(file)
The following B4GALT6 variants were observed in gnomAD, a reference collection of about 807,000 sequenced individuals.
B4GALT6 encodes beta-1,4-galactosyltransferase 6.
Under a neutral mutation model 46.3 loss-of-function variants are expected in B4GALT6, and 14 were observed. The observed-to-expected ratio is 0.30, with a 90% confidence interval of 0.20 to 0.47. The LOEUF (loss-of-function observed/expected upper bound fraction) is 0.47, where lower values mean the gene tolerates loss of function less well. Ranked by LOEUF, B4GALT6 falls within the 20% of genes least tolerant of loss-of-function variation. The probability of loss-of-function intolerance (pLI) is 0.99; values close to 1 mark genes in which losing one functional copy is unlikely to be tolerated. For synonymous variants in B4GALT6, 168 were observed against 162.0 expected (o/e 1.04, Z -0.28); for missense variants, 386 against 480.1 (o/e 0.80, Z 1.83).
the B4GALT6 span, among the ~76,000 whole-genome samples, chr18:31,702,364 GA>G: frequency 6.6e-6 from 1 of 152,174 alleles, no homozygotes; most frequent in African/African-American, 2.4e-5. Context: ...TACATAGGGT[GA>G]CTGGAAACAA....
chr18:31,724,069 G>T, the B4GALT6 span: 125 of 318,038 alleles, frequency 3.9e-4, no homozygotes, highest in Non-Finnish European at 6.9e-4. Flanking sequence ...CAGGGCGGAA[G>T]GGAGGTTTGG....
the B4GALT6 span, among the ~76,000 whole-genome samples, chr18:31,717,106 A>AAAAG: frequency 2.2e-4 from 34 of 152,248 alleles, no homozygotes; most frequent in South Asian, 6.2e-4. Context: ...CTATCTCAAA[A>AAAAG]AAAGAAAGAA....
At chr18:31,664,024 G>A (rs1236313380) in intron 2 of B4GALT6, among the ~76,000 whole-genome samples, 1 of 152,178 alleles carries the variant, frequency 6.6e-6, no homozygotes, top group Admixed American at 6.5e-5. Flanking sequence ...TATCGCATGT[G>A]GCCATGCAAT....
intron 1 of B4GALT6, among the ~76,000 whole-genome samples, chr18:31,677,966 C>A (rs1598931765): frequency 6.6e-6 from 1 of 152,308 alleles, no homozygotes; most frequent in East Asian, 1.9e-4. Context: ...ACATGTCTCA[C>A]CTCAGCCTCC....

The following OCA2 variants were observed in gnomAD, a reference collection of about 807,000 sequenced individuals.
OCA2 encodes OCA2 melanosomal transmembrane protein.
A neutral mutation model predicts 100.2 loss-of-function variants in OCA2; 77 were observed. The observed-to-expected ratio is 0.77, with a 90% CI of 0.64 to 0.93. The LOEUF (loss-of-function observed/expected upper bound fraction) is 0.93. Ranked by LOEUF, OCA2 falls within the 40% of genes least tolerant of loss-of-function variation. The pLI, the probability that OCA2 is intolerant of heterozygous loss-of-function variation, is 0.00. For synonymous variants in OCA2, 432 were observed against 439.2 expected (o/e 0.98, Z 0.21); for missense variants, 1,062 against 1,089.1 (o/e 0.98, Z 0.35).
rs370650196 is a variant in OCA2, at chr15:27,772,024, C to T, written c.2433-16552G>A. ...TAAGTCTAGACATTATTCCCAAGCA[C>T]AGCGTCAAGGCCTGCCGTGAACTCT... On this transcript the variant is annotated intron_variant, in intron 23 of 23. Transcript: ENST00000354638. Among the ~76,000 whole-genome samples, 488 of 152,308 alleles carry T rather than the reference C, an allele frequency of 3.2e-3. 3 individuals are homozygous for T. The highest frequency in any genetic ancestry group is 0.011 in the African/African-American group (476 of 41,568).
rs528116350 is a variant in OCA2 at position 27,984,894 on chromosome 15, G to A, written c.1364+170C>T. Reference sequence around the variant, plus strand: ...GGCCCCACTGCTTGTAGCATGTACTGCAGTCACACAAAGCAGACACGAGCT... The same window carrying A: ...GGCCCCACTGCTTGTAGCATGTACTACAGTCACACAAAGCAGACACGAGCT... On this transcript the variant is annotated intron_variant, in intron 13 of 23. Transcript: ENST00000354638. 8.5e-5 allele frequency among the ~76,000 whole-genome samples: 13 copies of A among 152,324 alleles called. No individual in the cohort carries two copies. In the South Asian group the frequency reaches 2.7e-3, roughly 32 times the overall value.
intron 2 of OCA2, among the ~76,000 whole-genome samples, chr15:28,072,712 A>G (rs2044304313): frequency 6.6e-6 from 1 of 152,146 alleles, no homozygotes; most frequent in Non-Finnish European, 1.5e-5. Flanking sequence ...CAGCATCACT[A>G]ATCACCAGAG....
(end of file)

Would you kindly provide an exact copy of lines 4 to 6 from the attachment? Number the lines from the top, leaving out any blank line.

the B4GALT6 span, among the ~76,000 whole-genome samples, chr18:31,702,364 GA>G: frequency 6.6e-6 from 1 of 152,174 alleles, no homozygotes; most frequent in African/African-American, 2.4e-5. Context: ...TACATAGGGT[GA>G]CTGGAAACAA....
chr18:31,724,069 G>T, the B4GALT6 span: 125 of 318,038 alleles, frequency 3.9e-4, no homozygotes, highest in Non-Finnish European at 6.9e-4. Flanking sequence ...CAGGGCGGAA[G>T]GGAGGTTTGG....
the B4GALT6 span, among the ~76,000 whole-genome samples, chr18:31,717,106 A>AAAAG: frequency 2.2e-4 from 34 of 152,248 alleles, no homozygotes; most frequent in South Asian, 6.2e-4. Context: ...CTATCTCAAA[A>AAAAG]AAAGAAAGAA....